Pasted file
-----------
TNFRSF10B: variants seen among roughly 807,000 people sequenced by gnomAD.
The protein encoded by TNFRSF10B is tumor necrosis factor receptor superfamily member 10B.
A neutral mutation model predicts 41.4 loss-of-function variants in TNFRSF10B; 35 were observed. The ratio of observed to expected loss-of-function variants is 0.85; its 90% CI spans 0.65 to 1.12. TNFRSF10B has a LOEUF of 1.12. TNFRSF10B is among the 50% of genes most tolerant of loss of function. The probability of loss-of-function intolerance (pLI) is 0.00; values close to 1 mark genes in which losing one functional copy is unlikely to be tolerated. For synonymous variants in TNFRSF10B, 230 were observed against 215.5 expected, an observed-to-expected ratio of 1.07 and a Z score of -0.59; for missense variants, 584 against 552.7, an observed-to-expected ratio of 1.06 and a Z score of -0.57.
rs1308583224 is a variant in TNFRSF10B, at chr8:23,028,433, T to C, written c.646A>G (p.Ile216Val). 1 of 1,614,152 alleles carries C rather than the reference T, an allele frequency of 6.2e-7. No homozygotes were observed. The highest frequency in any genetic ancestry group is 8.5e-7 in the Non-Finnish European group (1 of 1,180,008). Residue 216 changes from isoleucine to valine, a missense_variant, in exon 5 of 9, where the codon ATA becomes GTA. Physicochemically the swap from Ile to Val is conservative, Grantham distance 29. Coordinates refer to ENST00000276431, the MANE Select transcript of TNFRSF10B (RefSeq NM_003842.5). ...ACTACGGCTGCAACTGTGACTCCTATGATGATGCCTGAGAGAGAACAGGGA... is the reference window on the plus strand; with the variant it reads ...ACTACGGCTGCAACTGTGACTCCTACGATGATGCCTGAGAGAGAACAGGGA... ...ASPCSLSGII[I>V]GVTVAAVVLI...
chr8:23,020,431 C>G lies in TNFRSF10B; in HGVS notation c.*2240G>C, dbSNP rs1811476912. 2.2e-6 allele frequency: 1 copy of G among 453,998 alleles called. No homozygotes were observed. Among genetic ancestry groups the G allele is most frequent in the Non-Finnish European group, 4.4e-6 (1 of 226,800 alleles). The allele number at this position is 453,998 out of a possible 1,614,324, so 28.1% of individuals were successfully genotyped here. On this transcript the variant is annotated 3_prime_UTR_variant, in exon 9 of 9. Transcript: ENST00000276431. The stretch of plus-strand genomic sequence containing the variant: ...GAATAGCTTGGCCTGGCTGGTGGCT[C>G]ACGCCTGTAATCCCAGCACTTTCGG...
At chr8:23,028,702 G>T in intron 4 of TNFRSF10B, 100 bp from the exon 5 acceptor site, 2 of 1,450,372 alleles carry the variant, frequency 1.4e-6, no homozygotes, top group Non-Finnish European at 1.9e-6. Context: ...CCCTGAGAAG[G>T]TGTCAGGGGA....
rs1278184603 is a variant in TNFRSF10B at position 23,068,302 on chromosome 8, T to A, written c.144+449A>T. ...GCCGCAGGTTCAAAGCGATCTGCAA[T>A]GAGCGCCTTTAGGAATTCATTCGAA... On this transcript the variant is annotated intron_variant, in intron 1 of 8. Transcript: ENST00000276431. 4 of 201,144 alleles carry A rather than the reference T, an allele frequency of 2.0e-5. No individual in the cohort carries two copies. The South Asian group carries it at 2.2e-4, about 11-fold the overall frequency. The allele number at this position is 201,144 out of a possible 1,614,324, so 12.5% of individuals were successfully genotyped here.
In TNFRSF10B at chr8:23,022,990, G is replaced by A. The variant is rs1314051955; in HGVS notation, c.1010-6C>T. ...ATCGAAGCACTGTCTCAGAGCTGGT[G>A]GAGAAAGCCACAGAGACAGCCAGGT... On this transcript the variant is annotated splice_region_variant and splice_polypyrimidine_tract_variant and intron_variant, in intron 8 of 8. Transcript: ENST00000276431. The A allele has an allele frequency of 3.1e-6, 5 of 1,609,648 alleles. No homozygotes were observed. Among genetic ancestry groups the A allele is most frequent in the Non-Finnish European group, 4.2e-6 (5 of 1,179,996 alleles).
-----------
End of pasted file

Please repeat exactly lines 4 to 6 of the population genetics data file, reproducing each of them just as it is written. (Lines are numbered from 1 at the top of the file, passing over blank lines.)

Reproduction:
rs1308583224 is a variant in TNFRSF10B, at chr8:23,028,433, T to C, written c.646A>G (p.Ile216Val). 1 of 1,614,152 alleles carries C rather than the reference T, an allele frequency of 6.2e-7. No homozygotes were observed. The highest frequency in any genetic ancestry group is 8.5e-7 in the Non-Finnish European group (1 of 1,180,008). Residue 216 changes from isoleucine to valine, a missense_variant, in exon 5 of 9, where the codon ATA becomes GTA. Physicochemically the swap from Ile to Val is conservative, Grantham distance 29. Coordinates refer to ENST00000276431, the MANE Select transcript of TNFRSF10B (RefSeq NM_003842.5). ...ACTACGGCTGCAACTGTGACTCCTATGATGATGCCTGAGAGAGAACAGGGA... is the reference window on the plus strand; with the variant it reads ...ACTACGGCTGCAACTGTGACTCCTACGATGATGCCTGAGAGAGAACAGGGA... ...ASPCSLSGII[I>V]GVTVAAVVLI...
chr8:23,020,431 C>G lies in TNFRSF10B; in HGVS notation c.*2240G>C, dbSNP rs1811476912. 2.2e-6 allele frequency: 1 copy of G among 453,998 alleles called. No homozygotes were observed. Among genetic ancestry groups the G allele is most frequent in the Non-Finnish European group, 4.4e-6 (1 of 226,800 alleles). The allele number at this position is 453,998 out of a possible 1,614,324, so 28.1% of individuals were successfully genotyped here. On this transcript the variant is annotated 3_prime_UTR_variant, in exon 9 of 9. Transcript: ENST00000276431. The stretch of plus-strand genomic sequence containing the variant: ...GAATAGCTTGGCCTGGCTGGTGGCT[C>G]ACGCCTGTAATCCCAGCACTTTCGG...
At chr8:23,028,702 G>T in intron 4 of TNFRSF10B, 100 bp from the exon 5 acceptor site, 2 of 1,450,372 alleles carry the variant, frequency 1.4e-6, no homozygotes, top group Non-Finnish European at 1.9e-6. Context: ...CCCTGAGAAG[G>T]TGTCAGGGGA....